Tucked in the back corner of the park, next to the dance tent, is the psychedelic fete.  A welly- throwing stall, sadly without any participants, an impressive bric-a-brac tombola, a tug-of-war and a tea and cake stall that’s already low on supplies by mid-afternoon. It’s a similar situation with alcohol. Many tales are making Chinese whisper waves that they have run out of wine. With these rumours rife, the beer tent tensions are high. Beer is now valued as a precious commodity and the average wait on a pint takes around 45 minutes, with similar mammoth queues for the toilets. With no way off the site as the no re-entry policy kicks into action, people are literally trapped.  One tenable alternative is just to not drink of course, therefore needing the loo less and not wasting hours missing all the music. 

By late afternoon, the dance tent is literally heaving, bursting at the seams by the time Chromeo unleashes his 'Fancy Footwork'. Meanwhile, a little later on, on the Eat Your Own Ears stage, Foals are the first casualties of sound levels. 'Cassius', 'Hummer' and 'Matheletics' sound only half as good due to the muted sound levels. Battles suffer a similar fate and later admit that they couldn’t actually hear themselves on stage. Math rock or puzzle-pop, it’s just simply too quiet to decipher the intricate afro beat that propels along stunners like 'Atlas' and 'Tras'. Elsewhere, rock’n’rollers Archie Bronson Outfit are shutdown guerrilla style as the power is cut because they dared play a little louder than they were perhaps allowed to. Erol Alkan who should probably be awarded man of the festival, not only for brining the dance tent to its knees, quite literally, but for also not failing to disappoint in Beyond The Wizard’s Sleeve.

The MySpace stage is a pleasant surprise, not only is it the perfect meeting point, but the routemaster acted as a partybus, as Justice and Erol Alkan played secret sets on it through the day. As the evening approaches, Bat For Lashes, weaves and  spins her tales of mystery from her Mercury Nominated debut album, Fur and Gold.  'What’s a Girl To Do' and 'Trophy' soothe everyone well into the twilight with hand-claps and harmonium twinkling through the trees. Late Of The Pier terrorise the Adventures in the Beetroot Field tent, with their warped visions you don’t know whether to wheeze in disbelief, admiration or fear.  'Bathroom Gurgle' is a puzzle placed between the Time Warp and Gary Numan.  The trashy punk quartet swat out the deep and shifty beats until everyone’s minds bend together to the fusion of glam, trash and disco.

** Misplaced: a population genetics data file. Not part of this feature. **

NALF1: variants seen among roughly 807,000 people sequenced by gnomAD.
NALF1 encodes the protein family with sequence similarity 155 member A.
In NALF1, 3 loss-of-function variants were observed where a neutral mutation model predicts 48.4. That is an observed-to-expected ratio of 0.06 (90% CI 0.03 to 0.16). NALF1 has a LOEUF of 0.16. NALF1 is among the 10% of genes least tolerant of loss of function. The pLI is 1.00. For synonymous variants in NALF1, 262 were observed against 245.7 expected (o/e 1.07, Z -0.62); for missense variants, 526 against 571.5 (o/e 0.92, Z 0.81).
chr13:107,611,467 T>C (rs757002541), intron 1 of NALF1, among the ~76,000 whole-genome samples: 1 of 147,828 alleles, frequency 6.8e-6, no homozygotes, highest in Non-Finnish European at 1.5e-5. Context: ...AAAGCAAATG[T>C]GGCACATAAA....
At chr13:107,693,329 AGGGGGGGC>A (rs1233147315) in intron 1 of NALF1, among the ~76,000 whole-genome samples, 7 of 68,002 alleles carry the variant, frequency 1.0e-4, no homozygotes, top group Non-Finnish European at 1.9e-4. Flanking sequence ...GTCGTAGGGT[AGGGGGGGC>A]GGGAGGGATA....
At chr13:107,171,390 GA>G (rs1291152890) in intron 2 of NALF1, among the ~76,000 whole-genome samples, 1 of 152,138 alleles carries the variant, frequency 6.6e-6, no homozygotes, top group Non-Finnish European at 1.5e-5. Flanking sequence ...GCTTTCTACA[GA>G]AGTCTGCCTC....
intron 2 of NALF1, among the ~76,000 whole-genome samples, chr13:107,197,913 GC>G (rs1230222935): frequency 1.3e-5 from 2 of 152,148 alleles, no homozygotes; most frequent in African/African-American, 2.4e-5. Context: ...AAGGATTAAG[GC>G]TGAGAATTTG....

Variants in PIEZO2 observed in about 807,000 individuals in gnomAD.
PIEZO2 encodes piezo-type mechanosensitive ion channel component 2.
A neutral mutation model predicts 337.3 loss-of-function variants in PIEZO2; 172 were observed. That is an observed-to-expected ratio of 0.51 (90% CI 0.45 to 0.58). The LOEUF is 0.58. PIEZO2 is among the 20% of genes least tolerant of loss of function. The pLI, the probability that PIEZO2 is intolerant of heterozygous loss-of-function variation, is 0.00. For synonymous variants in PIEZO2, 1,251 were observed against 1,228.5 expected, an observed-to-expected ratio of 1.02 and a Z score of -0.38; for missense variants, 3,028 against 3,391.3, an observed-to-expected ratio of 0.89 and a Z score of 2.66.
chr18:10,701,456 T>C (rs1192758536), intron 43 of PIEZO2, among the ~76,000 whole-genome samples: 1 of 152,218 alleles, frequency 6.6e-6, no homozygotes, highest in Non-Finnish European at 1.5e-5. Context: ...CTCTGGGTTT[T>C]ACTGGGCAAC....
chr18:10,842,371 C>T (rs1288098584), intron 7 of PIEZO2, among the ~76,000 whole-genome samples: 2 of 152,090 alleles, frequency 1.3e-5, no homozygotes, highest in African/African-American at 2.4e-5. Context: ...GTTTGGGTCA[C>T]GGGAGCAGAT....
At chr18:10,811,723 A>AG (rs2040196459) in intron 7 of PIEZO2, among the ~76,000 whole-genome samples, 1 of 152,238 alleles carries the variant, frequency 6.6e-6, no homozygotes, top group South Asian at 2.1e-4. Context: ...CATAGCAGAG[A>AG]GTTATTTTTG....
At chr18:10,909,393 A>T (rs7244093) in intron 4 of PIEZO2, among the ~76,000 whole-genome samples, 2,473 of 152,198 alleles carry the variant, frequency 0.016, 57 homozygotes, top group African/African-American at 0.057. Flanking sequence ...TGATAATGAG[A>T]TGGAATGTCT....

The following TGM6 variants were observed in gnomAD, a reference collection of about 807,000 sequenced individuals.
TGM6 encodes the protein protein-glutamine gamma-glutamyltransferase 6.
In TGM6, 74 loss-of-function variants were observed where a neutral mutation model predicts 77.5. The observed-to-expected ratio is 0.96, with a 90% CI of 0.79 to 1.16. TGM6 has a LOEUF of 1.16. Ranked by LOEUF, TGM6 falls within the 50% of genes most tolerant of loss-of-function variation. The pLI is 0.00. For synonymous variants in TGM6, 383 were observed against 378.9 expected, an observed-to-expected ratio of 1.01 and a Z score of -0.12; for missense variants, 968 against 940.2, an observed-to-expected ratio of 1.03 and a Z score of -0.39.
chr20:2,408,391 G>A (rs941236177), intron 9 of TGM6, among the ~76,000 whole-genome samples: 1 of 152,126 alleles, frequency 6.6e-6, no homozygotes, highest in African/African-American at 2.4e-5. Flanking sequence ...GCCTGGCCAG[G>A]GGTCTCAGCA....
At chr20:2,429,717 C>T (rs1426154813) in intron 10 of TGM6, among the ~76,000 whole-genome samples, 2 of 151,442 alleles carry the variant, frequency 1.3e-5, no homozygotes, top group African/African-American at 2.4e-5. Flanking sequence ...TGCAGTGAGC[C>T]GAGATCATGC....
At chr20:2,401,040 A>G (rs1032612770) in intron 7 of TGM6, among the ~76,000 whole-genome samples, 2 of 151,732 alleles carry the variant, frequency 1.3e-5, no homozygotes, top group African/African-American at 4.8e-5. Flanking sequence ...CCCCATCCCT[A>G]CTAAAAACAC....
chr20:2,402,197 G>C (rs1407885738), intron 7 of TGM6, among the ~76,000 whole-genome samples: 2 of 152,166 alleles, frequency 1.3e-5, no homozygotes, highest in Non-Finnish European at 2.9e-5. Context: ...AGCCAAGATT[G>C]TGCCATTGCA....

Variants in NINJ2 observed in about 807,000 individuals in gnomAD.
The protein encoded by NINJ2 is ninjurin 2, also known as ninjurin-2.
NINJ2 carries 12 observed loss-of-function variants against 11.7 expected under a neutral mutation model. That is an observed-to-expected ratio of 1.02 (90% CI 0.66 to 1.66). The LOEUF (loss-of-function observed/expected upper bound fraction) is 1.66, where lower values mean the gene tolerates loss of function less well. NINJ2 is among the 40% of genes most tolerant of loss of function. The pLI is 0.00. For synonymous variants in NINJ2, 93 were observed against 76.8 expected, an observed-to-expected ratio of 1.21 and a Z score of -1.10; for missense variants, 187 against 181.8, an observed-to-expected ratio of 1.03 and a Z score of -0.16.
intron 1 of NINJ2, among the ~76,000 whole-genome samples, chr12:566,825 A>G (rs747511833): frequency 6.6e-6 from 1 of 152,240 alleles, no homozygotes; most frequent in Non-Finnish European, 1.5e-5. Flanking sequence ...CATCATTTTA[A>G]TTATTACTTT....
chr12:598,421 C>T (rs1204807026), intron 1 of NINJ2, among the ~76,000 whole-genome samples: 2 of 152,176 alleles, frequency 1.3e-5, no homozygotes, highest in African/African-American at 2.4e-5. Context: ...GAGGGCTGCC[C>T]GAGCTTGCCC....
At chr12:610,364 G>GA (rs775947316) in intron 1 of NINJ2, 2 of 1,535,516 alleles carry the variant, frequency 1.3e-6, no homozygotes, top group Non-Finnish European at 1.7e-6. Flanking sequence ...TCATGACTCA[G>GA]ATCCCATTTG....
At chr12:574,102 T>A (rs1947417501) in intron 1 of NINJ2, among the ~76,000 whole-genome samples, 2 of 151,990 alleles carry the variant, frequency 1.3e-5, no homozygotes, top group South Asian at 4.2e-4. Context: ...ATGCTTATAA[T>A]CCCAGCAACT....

Liars are late, but it’s Liars so no one really cares what time they come on. As soon as they launch into 'Plaster Casts of Evil' we’re begging them for permanent residency. Angus resplendent in a white suit stands statuesque on stage but the sound lets them down again, as the angry beats of Four Tet filtrate the silences in between songs. Strangely enough, at the same time Justice are struggling with sound problems of their own. At times you can hear Liars over the top! Despite the murky sound levels, Justice valiantly belt out 'D.A.N.C.E' and end with 'We Are Your Friends'. Groups form as people try to decide which of the two afterparties to go to.  Those not familiar with London, try to decipher the most cryptic of clues as they struggle to pinpoint a location for the mysterious venues. 

The inaugural event was bound to suffer the odd glitch but there were too many at Field Day. Such disorganisation on a vast scale was not anticipated by the public - and these days you just expect better.  All that went wrong this time, though, can easily be rectified in time for the next one, ensuring that Field Day mark two is everything we dreamed Field Day mark one to be, and hopefully more.